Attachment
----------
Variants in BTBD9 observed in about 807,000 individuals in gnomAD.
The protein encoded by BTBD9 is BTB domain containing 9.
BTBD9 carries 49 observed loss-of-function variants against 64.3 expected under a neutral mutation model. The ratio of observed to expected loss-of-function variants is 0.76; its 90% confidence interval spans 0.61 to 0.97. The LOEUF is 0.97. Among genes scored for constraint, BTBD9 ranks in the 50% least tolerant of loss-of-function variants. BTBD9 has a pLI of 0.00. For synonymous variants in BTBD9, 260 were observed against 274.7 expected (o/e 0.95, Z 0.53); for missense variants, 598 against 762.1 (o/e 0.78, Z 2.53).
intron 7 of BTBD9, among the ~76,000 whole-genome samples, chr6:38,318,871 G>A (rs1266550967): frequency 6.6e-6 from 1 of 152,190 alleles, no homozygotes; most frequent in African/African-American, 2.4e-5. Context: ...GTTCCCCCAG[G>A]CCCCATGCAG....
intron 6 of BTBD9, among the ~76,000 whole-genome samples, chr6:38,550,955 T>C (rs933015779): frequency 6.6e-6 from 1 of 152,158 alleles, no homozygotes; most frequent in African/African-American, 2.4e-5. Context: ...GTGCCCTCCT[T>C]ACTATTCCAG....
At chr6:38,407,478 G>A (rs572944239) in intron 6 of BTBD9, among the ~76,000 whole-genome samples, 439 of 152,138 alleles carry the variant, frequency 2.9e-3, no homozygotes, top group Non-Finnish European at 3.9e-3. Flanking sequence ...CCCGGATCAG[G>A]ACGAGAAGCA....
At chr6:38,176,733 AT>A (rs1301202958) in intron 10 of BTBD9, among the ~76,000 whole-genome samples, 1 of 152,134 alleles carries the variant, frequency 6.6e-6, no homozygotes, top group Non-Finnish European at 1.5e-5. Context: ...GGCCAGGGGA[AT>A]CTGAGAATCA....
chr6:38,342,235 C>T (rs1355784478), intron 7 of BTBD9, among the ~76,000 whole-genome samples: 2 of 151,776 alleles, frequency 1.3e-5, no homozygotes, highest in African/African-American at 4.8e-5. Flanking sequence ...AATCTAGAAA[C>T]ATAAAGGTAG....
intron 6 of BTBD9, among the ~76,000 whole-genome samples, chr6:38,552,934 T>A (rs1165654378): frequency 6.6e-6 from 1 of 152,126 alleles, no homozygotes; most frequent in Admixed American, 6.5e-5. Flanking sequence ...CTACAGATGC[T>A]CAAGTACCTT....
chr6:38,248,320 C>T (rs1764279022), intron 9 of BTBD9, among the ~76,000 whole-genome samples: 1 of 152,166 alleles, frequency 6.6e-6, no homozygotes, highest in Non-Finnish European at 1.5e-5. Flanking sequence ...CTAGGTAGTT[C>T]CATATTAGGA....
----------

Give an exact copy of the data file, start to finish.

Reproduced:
Variants in BTBD9 observed in about 807,000 individuals in gnomAD.
The protein encoded by BTBD9 is BTB domain containing 9.
BTBD9 carries 49 observed loss-of-function variants against 64.3 expected under a neutral mutation model. The ratio of observed to expected loss-of-function variants is 0.76; its 90% confidence interval spans 0.61 to 0.97. The LOEUF is 0.97. Among genes scored for constraint, BTBD9 ranks in the 50% least tolerant of loss-of-function variants. BTBD9 has a pLI of 0.00. For synonymous variants in BTBD9, 260 were observed against 274.7 expected (o/e 0.95, Z 0.53); for missense variants, 598 against 762.1 (o/e 0.78, Z 2.53).
intron 7 of BTBD9, among the ~76,000 whole-genome samples, chr6:38,318,871 G>A (rs1266550967): frequency 6.6e-6 from 1 of 152,190 alleles, no homozygotes; most frequent in African/African-American, 2.4e-5. Context: ...GTTCCCCCAG[G>A]CCCCATGCAG....
intron 6 of BTBD9, among the ~76,000 whole-genome samples, chr6:38,550,955 T>C (rs933015779): frequency 6.6e-6 from 1 of 152,158 alleles, no homozygotes; most frequent in African/African-American, 2.4e-5. Context: ...GTGCCCTCCT[T>C]ACTATTCCAG....
At chr6:38,407,478 G>A (rs572944239) in intron 6 of BTBD9, among the ~76,000 whole-genome samples, 439 of 152,138 alleles carry the variant, frequency 2.9e-3, no homozygotes, top group Non-Finnish European at 3.9e-3. Flanking sequence ...CCCGGATCAG[G>A]ACGAGAAGCA....
At chr6:38,176,733 AT>A (rs1301202958) in intron 10 of BTBD9, among the ~76,000 whole-genome samples, 1 of 152,134 alleles carries the variant, frequency 6.6e-6, no homozygotes, top group Non-Finnish European at 1.5e-5. Context: ...GGCCAGGGGA[AT>A]CTGAGAATCA....
chr6:38,342,235 C>T (rs1355784478), intron 7 of BTBD9, among the ~76,000 whole-genome samples: 2 of 151,776 alleles, frequency 1.3e-5, no homozygotes, highest in African/African-American at 4.8e-5. Flanking sequence ...AATCTAGAAA[C>T]ATAAAGGTAG....
intron 6 of BTBD9, among the ~76,000 whole-genome samples, chr6:38,552,934 T>A (rs1165654378): frequency 6.6e-6 from 1 of 152,126 alleles, no homozygotes; most frequent in Admixed American, 6.5e-5. Flanking sequence ...CTACAGATGC[T>A]CAAGTACCTT....
chr6:38,248,320 C>T (rs1764279022), intron 9 of BTBD9, among the ~76,000 whole-genome samples: 1 of 152,166 alleles, frequency 6.6e-6, no homozygotes, highest in Non-Finnish European at 1.5e-5. Flanking sequence ...CTAGGTAGTT[C>T]CATATTAGGA....